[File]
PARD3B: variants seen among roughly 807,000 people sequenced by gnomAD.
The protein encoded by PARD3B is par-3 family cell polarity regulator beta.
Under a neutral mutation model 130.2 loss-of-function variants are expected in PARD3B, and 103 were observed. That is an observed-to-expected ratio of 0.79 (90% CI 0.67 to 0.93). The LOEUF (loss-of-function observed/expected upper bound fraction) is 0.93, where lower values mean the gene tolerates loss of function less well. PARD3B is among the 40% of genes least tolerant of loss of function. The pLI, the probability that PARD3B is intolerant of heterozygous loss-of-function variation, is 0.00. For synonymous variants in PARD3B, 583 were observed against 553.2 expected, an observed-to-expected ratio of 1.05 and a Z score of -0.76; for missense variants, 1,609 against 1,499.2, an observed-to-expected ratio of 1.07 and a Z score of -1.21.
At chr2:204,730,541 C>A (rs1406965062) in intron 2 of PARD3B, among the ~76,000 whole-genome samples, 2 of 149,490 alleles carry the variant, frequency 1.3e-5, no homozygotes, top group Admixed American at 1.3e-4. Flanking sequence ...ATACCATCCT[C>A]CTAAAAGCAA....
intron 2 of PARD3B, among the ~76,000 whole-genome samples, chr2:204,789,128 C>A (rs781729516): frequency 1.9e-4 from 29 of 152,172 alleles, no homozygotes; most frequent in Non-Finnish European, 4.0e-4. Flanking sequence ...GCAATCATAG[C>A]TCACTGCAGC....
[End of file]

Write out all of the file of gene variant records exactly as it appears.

PARD3B: variants seen among roughly 807,000 people sequenced by gnomAD.
The protein encoded by PARD3B is par-3 family cell polarity regulator beta.
Under a neutral mutation model 130.2 loss-of-function variants are expected in PARD3B, and 103 were observed. That is an observed-to-expected ratio of 0.79 (90% CI 0.67 to 0.93). The LOEUF (loss-of-function observed/expected upper bound fraction) is 0.93, where lower values mean the gene tolerates loss of function less well. PARD3B is among the 40% of genes least tolerant of loss of function. The pLI, the probability that PARD3B is intolerant of heterozygous loss-of-function variation, is 0.00. For synonymous variants in PARD3B, 583 were observed against 553.2 expected, an observed-to-expected ratio of 1.05 and a Z score of -0.76; for missense variants, 1,609 against 1,499.2, an observed-to-expected ratio of 1.07 and a Z score of -1.21.
At chr2:204,730,541 C>A (rs1406965062) in intron 2 of PARD3B, among the ~76,000 whole-genome samples, 2 of 149,490 alleles carry the variant, frequency 1.3e-5, no homozygotes, top group Admixed American at 1.3e-4. Flanking sequence ...ATACCATCCT[C>A]CTAAAAGCAA....
intron 2 of PARD3B, among the ~76,000 whole-genome samples, chr2:204,789,128 C>A (rs781729516): frequency 1.9e-4 from 29 of 152,172 alleles, no homozygotes; most frequent in Non-Finnish European, 4.0e-4. Flanking sequence ...GCAATCATAG[C>A]TCACTGCAGC....